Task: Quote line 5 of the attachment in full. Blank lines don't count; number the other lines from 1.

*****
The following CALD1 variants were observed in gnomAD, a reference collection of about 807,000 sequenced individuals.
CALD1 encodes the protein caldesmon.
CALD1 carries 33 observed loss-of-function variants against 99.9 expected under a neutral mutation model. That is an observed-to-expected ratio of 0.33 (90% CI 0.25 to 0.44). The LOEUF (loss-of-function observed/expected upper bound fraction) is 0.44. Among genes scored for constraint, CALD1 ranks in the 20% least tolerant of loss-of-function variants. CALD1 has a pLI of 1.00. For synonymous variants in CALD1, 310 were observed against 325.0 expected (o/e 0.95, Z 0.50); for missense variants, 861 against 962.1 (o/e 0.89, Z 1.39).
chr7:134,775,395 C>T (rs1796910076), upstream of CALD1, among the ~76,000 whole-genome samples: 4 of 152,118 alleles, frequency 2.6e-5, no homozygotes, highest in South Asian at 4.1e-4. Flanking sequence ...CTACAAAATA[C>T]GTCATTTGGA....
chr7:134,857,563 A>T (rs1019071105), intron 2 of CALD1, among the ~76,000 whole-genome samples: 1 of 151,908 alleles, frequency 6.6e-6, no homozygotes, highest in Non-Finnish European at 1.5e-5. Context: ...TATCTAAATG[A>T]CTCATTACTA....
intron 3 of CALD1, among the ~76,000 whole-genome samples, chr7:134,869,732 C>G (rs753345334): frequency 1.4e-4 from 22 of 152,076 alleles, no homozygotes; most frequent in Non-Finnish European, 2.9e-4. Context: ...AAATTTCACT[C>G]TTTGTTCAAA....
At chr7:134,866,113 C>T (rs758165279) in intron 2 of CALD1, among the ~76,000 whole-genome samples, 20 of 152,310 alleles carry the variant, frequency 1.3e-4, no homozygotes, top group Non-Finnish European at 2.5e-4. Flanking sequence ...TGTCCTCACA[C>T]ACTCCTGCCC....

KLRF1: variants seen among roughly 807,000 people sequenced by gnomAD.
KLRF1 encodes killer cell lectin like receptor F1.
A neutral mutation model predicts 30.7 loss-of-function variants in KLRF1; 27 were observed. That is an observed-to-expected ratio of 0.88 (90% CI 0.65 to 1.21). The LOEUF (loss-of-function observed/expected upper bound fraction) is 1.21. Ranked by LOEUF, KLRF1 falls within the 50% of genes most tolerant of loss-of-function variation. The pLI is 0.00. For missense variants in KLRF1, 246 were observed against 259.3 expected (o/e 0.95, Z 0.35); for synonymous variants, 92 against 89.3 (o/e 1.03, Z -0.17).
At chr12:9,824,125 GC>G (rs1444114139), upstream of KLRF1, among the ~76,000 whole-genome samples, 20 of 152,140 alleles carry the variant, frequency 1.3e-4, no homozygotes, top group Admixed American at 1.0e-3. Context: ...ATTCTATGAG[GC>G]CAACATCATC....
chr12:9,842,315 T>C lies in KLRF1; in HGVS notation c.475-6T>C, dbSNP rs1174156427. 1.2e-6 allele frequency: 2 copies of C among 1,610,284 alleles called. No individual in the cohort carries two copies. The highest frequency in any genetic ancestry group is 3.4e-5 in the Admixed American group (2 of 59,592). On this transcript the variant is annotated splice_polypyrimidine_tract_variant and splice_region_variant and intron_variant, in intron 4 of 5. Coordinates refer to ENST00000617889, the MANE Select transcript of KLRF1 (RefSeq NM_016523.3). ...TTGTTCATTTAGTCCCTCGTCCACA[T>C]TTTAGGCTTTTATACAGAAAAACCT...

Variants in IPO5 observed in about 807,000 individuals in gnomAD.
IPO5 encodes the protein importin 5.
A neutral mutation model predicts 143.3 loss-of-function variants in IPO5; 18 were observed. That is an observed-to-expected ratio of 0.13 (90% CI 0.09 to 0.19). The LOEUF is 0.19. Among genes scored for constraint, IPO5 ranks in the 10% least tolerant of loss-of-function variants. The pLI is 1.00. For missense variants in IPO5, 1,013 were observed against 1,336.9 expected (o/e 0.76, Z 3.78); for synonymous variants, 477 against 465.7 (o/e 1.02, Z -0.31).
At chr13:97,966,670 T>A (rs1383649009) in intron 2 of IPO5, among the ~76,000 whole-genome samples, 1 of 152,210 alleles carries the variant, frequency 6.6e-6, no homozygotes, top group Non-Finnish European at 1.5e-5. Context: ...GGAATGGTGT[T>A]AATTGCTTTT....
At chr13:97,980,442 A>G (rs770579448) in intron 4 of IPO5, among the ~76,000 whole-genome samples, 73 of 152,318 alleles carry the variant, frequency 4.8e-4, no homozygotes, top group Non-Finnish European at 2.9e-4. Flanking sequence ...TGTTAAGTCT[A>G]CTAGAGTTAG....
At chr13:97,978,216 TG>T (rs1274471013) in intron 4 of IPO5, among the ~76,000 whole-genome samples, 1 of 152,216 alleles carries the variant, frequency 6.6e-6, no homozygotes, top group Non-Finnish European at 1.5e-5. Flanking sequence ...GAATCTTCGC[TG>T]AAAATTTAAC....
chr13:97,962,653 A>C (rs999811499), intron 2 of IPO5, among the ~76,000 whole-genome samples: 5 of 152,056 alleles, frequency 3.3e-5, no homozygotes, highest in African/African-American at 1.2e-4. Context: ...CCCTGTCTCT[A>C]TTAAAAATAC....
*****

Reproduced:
chr7:134,857,563 A>T (rs1019071105), intron 2 of CALD1, among the ~76,000 whole-genome samples: 1 of 151,908 alleles, frequency 6.6e-6, no homozygotes, highest in Non-Finnish European at 1.5e-5. Context: ...TATCTAAATG[A>T]CTCATTACTA....